The second paper was written by Elizabeth Schuelke who is also a student editor of this issue of TEF. Schuelke’s paper is a review of the literature on the concept of “Whiteness” as a racial or ethnic group in the United States. Perhaps the most surprising conclusion from her research was that Whiteness as a racial or ethnic identification has been ignored or taken for granted as the norm, and therefore not viewed as in need of analysis.

Special Section: Proceedings of the Department of Anthropology’s National Science Foundation Summer Research Methods Program 2007

We are very pleased this year to publish the proceedings of the UNT Department of Anthropology’s National Science Foundation-sponsored Summer Research Methods Program. The program was funded by a grant to Dr. Tyson Gibbs, chair of the Department of Anthropology, in 1999. Dr. Gibbs is an applied anthropologist with previous research experience at the Centers for Disease Control and Prevention. Dr. Douglas Henry, co-director of the NSF grant, has considerable applied research experience and publications.

The Project Coordinators on the summer NSF project were graduate students in the Department of Anthropology at UNT. The Project Coordinators, Danyel Rios (an Honors College alumnae) and Shimaa Dessouky, supervised the students through their summer research experience and devoted countless hours to helping the students prepare their research projects for their final reports and a poster presentation at the end of the summer program. They also assisted students in preparing their reports for publication in The Eagle Feather 2007. The staff of TEF 2007 is immensely grateful to them for their conscientious dedication to the project.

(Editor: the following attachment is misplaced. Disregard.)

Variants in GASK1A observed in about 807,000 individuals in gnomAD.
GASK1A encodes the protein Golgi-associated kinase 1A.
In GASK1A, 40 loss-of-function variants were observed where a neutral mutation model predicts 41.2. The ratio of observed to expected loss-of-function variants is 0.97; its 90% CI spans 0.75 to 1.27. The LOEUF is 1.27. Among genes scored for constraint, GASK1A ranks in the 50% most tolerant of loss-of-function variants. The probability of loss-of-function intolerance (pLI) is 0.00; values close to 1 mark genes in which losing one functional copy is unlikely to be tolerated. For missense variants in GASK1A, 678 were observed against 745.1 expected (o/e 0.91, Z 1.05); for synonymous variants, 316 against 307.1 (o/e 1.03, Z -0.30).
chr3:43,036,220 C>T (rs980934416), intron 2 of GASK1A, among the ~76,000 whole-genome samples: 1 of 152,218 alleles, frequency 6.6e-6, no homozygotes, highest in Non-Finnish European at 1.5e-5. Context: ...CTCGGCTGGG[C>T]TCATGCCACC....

The students and their projects are described in the preface to the special section and so we will not repeat ourselves here. We will just note that seven students from five different states ranging from New York to Utah were chosen to participate in a highly competitive selection process. All plan to pursue graduate degrees.

In addition to the principal investigators on the NSF project and the project coordinators, TEF 2007would like to extend a special recognition to the faculty who worked so diligently with these undergraduate students with no expectation of reward other than the satisfaction of mentoring deserving young scholars along their way. Our special thanks go to Professors Beverly Davenport, Doug Henry, Lisa Henry, Mariela Nunez-Janes, Ann Jordan, and Christina Wasson.